SAN FRANCISCO -- Local lawmakers have made it clear that a main priority this year is to encourage the city's "sharing economy."
Mayor Ed Lee coined the term to identify entrepreneurs using the Internet to connect services and products with buyers. Companies like Airbnb let people rent spare rooms to tourists. DogVacay connects dog owners booking an Airbnb room in a far-away city with prospective dog-sitters.
But sometimes the freewheeling world of the new sharing economy butts into the down-and-dirty world of the old economy.
Last week, a company called SideCar began full-scale service in San Francisco. Its business is based on the idea that regular drivers often have empty seats in their cars, while other people need rides and would be willing to pay a fee.
SideCar's customers download a smartphone app that allows them to request for a ride from any area driver registered with the company. A driver who accepts the ride picks up the passenger and drops them off at the destination.
"SideCar operates on a voluntary, donation-based system," company founder Sunil Paul told The Huffington Post. "The application aggregates the current community's average donations to offer passengers an easy way to decide how much to donate for their ride if they wish to do so. The averages have been fluctuating, but we are finding that, for most trips, it’s less expensive than alternatives."
Paul explained that SideCar, which for now solely operates in San Francisco, registers drivers as participating in a ride-sharing program rather than a taxi or town car service. Ride-sharing comes with less red tape and no requirement for an expensive taxi medallion. A driver can sign up for SideCar and begin driving for the company within 24 hours.
It's easy to see why those operating under the old model -- taxi drivers, for example -- may be miffed about a competitor with lower rates that doesn't have to abide the same regulations.
So why is SideCar allowed?
At a recent San Francisco Municipal Transportation Agency meeting, Chris Hayashi, the city deputy director of taxi services, said companies like SideCar are "attempting to slip through the cracks" in the taxi regulations.
Paul insisted SideCar drivers undergo background checks and are screened for valid driver's licenses and insurance. "We are interested in working alongside local and state governments to address critical transportation, environmental and economic needs of citizens," Paul said.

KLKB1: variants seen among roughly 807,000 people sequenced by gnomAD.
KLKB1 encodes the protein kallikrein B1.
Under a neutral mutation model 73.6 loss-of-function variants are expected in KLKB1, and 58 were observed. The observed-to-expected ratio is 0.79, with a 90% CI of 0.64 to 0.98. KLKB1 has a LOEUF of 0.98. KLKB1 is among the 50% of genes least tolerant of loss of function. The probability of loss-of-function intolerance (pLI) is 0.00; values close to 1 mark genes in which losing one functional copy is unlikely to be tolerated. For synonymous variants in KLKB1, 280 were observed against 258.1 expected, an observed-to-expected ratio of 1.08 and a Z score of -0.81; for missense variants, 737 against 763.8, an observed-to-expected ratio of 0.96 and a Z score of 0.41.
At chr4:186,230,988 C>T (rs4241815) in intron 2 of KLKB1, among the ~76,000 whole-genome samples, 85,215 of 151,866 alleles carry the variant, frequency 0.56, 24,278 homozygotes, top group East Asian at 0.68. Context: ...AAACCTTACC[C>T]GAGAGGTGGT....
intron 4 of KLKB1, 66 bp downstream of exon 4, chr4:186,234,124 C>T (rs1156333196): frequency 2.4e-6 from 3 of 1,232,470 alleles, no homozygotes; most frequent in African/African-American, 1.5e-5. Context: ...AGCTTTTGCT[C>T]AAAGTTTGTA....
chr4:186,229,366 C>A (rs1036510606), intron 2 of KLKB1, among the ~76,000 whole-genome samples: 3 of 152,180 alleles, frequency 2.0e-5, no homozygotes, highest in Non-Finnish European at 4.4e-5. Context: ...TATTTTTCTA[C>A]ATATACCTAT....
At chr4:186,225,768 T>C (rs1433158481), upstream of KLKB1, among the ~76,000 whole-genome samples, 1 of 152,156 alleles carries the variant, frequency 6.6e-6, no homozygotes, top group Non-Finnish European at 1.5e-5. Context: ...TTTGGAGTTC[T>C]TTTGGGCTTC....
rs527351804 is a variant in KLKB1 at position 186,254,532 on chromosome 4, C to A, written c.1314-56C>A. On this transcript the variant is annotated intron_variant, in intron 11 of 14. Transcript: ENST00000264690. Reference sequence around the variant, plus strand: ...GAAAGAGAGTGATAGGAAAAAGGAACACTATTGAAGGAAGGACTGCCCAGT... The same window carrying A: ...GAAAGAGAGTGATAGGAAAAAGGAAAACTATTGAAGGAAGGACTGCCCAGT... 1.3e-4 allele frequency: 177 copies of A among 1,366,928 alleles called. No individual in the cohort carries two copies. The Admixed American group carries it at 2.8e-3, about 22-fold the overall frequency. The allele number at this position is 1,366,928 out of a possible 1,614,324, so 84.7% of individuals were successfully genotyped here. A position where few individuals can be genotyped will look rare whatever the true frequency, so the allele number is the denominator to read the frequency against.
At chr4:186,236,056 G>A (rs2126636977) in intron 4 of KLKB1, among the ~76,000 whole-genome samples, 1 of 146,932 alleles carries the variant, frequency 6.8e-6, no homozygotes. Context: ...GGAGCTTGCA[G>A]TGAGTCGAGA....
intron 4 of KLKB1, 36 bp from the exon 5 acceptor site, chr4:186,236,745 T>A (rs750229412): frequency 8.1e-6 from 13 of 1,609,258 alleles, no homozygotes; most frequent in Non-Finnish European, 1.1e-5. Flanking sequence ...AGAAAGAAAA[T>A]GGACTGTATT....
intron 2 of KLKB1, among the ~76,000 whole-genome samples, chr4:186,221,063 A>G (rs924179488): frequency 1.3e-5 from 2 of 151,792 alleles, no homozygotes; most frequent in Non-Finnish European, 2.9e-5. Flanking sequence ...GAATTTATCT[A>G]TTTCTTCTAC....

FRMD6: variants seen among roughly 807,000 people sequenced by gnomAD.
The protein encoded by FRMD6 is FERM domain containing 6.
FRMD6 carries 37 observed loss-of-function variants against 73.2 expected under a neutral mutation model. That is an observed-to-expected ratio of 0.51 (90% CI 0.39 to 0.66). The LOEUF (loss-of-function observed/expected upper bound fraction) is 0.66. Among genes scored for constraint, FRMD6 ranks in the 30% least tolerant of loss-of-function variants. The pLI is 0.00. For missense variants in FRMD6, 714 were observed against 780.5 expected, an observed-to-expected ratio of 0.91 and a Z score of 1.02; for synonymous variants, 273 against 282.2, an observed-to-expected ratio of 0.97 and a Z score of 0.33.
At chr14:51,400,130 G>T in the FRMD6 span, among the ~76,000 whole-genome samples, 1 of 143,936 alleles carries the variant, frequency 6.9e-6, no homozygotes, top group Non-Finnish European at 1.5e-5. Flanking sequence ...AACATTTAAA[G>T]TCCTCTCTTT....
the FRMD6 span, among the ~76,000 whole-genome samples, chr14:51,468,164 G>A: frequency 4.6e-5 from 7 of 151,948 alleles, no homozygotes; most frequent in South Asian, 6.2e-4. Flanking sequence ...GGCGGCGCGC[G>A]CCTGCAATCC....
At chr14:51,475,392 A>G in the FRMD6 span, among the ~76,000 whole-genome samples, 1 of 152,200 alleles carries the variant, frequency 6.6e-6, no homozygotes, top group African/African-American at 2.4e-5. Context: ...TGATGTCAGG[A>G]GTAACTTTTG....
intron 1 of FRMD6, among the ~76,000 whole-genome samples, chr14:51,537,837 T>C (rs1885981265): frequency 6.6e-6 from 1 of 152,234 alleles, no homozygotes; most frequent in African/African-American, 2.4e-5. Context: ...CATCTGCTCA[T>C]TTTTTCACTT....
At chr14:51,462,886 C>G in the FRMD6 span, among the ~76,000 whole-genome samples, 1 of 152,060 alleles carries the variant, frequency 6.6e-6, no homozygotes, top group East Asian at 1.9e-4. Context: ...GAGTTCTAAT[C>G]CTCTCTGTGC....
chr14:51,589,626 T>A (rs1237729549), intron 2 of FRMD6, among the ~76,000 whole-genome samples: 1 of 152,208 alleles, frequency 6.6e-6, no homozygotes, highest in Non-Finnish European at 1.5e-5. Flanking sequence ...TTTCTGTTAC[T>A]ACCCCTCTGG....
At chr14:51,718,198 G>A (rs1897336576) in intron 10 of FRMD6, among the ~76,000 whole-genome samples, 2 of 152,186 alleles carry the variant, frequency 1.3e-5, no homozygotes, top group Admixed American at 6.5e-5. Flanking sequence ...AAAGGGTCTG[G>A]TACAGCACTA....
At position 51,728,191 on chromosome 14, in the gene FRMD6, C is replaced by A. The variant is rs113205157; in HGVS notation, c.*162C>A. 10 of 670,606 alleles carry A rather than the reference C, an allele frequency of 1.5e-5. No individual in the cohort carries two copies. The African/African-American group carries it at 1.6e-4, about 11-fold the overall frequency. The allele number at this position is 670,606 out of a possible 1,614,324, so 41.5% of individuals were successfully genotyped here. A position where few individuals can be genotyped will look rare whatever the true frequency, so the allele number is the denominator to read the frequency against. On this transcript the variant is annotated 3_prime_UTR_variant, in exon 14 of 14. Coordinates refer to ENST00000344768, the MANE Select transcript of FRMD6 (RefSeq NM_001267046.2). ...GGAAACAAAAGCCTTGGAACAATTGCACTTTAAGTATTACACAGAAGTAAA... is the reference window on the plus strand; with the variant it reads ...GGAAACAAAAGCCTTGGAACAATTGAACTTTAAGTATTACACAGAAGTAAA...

SFMTA spokesman Paul Rose reviewed SideCar's service and said this: "While we must consider innovation to help provide even better transportation options, operating a motor vehicle for hire without a permit is not appropriate under the city code. A permitted vehicle ensures that the passenger is as safe as possible, because it means that the driver has gone through extensive background checks, the driver and vehicle are insured and the vehicle has gone through proper vehicle inspections."
Operating a vehicle for hire without correct permitting carries a $2,500 fine for the first offense.
Ride-sharing regulations are issued by the state and supersede local regulations. California law states that ride-sharing is only allowed if "you will provide transportation of persons between home and work location, or of persons having a common work-related trip purpose." If the ride-sharing occurs outside of that specific work context, the primary purpose of the trip can't be to make a profit, according to the state regulations.
While the service does have the potential to undercut the business of many San Francisco taxi drivers, they're not uniformly angry or suspicious. "I feel as though this not unfair to the taxi drivers because there is a huge demand for rides at times in the city," said cab driver and taxi advocate Dean Clark. "There are definitely not enough taxis in San Francisco and this service can help with the overload of rides and reduce waiting time for passengers to get to their destinations. I think SideCar is a step in the right direction of making San Francisco a real world-class city."